Kelly (2001) describes his dilemma as a 'previously uncritical promoter' of new media in the classroom, who realised that he actually didn't know whether using online materials helped his university students to learn introductory history better. So he designed a year-long classroom experiment comparing groups of students who used the same readings, but in different media. The results? Students using online texts displayed 'a higher level of recursive reading' than the control group using conventional texts; carefully placed hyperlinks between material covered later in the course (Marx) and material covered earlier in the course (Locke and Hobbes) apparently did encourage students to form connections between eras and 'think like a historian'.
This is the sort of information that is good to have8. However, such experiments are time-consuming to design and evaluate, and can be awkward to implement, and so I wouldn't suggest that all interested public archaeologists should necessarily do the same. It may be actually impossible when dealing with a general public audience rather than a cohort of students — feedback is not easy to obtain. But as more and more research is being done on topics like these, we can simply reap the benefits of others' labour; there is enough information available now that we may be able to derive many design principles from others' work.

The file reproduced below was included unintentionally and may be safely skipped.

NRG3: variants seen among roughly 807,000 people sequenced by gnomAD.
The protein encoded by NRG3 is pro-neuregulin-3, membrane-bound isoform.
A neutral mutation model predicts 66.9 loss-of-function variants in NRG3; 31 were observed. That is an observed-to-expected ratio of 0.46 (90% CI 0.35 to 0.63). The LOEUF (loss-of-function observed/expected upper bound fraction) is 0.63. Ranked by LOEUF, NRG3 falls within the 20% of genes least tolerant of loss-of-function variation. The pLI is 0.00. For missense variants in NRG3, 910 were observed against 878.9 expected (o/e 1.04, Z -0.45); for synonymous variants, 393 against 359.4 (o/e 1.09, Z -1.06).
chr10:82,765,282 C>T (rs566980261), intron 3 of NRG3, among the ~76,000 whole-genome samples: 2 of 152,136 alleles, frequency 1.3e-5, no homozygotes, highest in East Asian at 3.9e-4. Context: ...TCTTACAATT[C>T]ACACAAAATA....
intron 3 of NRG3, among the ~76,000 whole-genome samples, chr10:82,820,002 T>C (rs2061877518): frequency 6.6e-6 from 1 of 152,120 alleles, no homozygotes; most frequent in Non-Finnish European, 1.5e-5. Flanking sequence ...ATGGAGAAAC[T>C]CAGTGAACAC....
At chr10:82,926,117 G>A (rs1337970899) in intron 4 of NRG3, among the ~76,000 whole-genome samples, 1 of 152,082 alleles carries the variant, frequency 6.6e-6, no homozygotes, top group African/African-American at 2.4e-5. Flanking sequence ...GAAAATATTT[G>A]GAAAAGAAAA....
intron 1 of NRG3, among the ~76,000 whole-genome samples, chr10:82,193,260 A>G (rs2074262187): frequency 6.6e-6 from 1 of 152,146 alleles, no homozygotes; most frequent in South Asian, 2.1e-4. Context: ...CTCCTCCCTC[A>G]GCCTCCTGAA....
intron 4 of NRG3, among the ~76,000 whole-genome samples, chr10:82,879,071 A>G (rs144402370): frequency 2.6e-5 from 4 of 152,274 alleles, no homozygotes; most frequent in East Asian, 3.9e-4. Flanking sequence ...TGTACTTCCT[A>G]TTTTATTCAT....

As numerous commentators have pointed out, hypermedia is a strange hybrid that has emerged from developments from many fields (Cotton and Oliver 1997, 11). It seems logical, then, that broad consultation may help us to understand it more.
There is abundant relevant literature in educational psychology, hypertext theory, Web usability, museum studies, human-computer interaction, adult education, sociology/ethnography of cyberspace, information design, and philosophy of information. In the interests of concision, here I will only discuss educational psychology, and that only briefly. Many recent publications in this area are relevant to the specific challenges of representing archaeological information online. Researchers in this field have recently looked at everything from how people's beliefs about knowledge form and change, to exactly how people read and remember. Some questions that have been tackled during the last several years are as follows:
This is merely a smattering of research questions, the answers to which aren't simple and can't be effectively summarised here but are extremely relevant to our endeavours. But here's one fascinating recent experimental result to mull over: Readers are much more likely to judge a statement as true if it's printed in a highly visible colour against a white background, than if it's printed in a less visible colour (Reberl and Schwarz 1999). This is the kind of specialist information we might like to know if we're consciously working with the concept of 'truth', as archaeologists often must.
© Internet Archaeology
Last updated: Wed Jan 28 2004